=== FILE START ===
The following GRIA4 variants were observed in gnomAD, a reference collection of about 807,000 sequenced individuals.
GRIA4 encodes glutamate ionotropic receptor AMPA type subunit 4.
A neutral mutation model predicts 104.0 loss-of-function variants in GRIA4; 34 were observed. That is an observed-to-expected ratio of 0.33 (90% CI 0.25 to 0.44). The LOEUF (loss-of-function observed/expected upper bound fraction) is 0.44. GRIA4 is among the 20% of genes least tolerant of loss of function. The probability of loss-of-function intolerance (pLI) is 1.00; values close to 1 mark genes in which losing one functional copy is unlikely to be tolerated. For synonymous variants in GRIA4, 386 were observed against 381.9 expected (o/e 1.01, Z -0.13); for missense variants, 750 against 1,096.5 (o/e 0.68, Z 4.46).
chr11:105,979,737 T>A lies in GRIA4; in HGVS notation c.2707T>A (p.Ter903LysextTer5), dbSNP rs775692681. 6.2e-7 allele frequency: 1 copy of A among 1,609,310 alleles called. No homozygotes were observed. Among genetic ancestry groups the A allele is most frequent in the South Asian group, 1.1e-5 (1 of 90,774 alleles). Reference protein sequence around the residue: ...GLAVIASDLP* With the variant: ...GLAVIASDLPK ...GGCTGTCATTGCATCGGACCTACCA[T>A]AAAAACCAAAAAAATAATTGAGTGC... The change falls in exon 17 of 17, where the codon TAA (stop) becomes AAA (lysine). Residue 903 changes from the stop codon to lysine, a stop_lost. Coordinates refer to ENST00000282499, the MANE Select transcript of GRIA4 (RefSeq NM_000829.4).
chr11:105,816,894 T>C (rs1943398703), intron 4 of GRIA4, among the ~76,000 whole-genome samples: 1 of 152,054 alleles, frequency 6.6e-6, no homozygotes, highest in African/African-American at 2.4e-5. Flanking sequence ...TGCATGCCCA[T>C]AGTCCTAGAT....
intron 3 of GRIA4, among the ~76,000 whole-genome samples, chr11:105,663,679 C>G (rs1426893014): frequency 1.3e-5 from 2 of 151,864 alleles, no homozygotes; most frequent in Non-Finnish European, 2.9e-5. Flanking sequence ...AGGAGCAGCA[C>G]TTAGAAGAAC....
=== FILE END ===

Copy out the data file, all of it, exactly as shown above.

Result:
The following GRIA4 variants were observed in gnomAD, a reference collection of about 807,000 sequenced individuals.
GRIA4 encodes glutamate ionotropic receptor AMPA type subunit 4.
A neutral mutation model predicts 104.0 loss-of-function variants in GRIA4; 34 were observed. That is an observed-to-expected ratio of 0.33 (90% CI 0.25 to 0.44). The LOEUF (loss-of-function observed/expected upper bound fraction) is 0.44. GRIA4 is among the 20% of genes least tolerant of loss of function. The probability of loss-of-function intolerance (pLI) is 1.00; values close to 1 mark genes in which losing one functional copy is unlikely to be tolerated. For synonymous variants in GRIA4, 386 were observed against 381.9 expected (o/e 1.01, Z -0.13); for missense variants, 750 against 1,096.5 (o/e 0.68, Z 4.46).
chr11:105,979,737 T>A lies in GRIA4; in HGVS notation c.2707T>A (p.Ter903LysextTer5), dbSNP rs775692681. 6.2e-7 allele frequency: 1 copy of A among 1,609,310 alleles called. No homozygotes were observed. Among genetic ancestry groups the A allele is most frequent in the South Asian group, 1.1e-5 (1 of 90,774 alleles). Reference protein sequence around the residue: ...GLAVIASDLP* With the variant: ...GLAVIASDLPK ...GGCTGTCATTGCATCGGACCTACCA[T>A]AAAAACCAAAAAAATAATTGAGTGC... The change falls in exon 17 of 17, where the codon TAA (stop) becomes AAA (lysine). Residue 903 changes from the stop codon to lysine, a stop_lost. Coordinates refer to ENST00000282499, the MANE Select transcript of GRIA4 (RefSeq NM_000829.4).
chr11:105,816,894 T>C (rs1943398703), intron 4 of GRIA4, among the ~76,000 whole-genome samples: 1 of 152,054 alleles, frequency 6.6e-6, no homozygotes, highest in African/African-American at 2.4e-5. Flanking sequence ...TGCATGCCCA[T>C]AGTCCTAGAT....
intron 3 of GRIA4, among the ~76,000 whole-genome samples, chr11:105,663,679 C>G (rs1426893014): frequency 1.3e-5 from 2 of 151,864 alleles, no homozygotes; most frequent in Non-Finnish European, 2.9e-5. Flanking sequence ...AGGAGCAGCA[C>G]TTAGAAGAAC....